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aporia

[ uh-pawr-ee-uh, uh-pohr- ]
/ əˈpɔr i ə, əˈpoʊr- /
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noun, plural a·po·ri·as, a·po·ri·ae [uh-pawr-ee-ee, uh-pohr-]. /əˈpɔr iˌi, əˈpoʊr-/.
Rhetoric. the expression of a simulated or real doubt, as about where to begin or what to do or say.
Logic, Philosophy. a difficulty encountered in establishing the theoretical truth of a proposition, created by the presence of evidence both for and against it.
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Origin of aporia

1580–90; <Late Latin <Greek: state of being at a loss, equivalent to ápor(os) impassable (see a-6, pore2) + -ia-ia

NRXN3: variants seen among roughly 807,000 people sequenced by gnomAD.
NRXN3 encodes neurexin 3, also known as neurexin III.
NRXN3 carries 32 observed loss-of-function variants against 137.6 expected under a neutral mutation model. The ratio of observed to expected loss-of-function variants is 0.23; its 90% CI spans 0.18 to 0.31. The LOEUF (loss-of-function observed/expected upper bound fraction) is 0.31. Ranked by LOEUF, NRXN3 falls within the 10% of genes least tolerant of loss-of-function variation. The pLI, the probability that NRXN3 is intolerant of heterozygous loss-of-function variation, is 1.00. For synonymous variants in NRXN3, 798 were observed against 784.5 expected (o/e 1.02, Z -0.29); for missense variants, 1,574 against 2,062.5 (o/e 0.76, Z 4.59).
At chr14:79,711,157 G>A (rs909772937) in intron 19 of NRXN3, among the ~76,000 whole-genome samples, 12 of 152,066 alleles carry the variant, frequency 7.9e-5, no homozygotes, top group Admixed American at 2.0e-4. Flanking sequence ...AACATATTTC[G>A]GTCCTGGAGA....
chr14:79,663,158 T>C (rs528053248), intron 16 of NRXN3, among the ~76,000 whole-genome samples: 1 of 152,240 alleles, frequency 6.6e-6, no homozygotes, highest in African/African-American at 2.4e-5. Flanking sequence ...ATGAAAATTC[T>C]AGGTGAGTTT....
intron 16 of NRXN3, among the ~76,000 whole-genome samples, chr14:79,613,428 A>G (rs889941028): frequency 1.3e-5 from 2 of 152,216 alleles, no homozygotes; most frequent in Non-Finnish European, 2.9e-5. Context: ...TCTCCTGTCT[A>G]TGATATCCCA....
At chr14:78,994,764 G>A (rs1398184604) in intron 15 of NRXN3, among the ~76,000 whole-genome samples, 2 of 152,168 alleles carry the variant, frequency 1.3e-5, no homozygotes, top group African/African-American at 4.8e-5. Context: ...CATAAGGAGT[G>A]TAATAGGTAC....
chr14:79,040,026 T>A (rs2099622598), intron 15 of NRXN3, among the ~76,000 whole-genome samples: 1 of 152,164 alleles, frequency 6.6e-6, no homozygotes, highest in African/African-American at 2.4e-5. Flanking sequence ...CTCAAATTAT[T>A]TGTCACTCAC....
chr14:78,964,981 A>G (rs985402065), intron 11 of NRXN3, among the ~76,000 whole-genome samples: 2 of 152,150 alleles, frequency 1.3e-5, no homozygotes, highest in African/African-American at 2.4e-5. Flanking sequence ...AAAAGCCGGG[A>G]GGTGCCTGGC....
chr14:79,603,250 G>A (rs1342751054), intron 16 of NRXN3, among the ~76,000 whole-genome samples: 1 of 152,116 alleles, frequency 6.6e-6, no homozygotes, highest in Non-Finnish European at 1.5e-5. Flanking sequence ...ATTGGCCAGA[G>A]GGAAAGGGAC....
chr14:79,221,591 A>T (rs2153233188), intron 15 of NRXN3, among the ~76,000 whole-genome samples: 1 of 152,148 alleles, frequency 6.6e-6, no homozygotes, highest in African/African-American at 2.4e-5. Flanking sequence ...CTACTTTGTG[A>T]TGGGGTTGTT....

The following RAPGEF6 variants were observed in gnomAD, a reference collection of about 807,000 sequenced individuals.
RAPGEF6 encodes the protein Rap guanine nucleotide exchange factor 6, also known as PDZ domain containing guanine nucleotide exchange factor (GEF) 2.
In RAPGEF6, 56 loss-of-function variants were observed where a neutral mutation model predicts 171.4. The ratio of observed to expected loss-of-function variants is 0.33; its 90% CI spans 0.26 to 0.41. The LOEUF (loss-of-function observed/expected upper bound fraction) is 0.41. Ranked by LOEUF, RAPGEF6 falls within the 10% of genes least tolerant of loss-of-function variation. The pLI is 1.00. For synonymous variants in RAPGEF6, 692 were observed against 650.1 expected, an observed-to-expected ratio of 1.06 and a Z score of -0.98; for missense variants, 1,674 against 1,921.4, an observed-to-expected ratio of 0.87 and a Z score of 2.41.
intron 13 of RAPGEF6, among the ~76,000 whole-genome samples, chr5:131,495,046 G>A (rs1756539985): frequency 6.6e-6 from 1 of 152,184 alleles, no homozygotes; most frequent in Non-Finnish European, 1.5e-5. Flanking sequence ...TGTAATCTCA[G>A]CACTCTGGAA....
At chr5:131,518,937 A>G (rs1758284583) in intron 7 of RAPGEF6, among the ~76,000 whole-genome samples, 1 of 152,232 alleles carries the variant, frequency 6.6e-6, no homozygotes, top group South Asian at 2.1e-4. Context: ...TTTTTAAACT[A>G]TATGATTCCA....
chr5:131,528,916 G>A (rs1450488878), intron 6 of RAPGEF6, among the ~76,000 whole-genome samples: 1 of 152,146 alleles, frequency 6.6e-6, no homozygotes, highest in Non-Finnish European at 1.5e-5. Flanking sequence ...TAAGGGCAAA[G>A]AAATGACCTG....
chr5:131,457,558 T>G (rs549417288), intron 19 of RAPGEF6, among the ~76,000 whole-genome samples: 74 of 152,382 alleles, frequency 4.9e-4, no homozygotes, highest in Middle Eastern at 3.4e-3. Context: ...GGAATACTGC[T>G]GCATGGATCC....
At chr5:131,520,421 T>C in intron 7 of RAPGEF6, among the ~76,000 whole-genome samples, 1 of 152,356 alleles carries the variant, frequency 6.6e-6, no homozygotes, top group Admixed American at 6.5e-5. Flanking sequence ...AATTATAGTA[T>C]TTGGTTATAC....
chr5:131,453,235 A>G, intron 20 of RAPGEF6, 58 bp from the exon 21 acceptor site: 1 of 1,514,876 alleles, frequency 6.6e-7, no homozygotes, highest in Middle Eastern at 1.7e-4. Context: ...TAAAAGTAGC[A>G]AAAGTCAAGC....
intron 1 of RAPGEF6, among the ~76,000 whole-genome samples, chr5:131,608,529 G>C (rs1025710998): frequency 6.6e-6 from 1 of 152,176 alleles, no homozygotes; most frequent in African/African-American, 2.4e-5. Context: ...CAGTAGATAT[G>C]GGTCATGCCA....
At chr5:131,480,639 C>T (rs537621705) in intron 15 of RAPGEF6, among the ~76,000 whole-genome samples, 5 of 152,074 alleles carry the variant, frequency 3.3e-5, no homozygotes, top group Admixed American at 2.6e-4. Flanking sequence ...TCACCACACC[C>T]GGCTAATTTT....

Dictionary.com Unabridged Based on the Random House Unabridged Dictionary, © Random House, Inc. 2021

How to use aporia in a sentence

British Dictionary definitions for aporia

aporia
/ (əˈpɔːrɪə) /

noun
rhetoric a doubt, real or professed, about what to do or say
philosophy puzzlement occasioned by the raising of philosophical objections without any proffered solutions, esp in the works of Socrates

Derived forms of aporia

aporetic (ˌæpəˈrɛtɪk), adjective

Word Origin for aporia

C16: from Greek, literally: a state of being at a loss
Collins English Dictionary - Complete & Unabridged 2012 Digital Edition © William Collins Sons & Co. Ltd. 1979, 1986 © HarperCollins Publishers 1998, 2000, 2003, 2005, 2006, 2007, 2009, 2012
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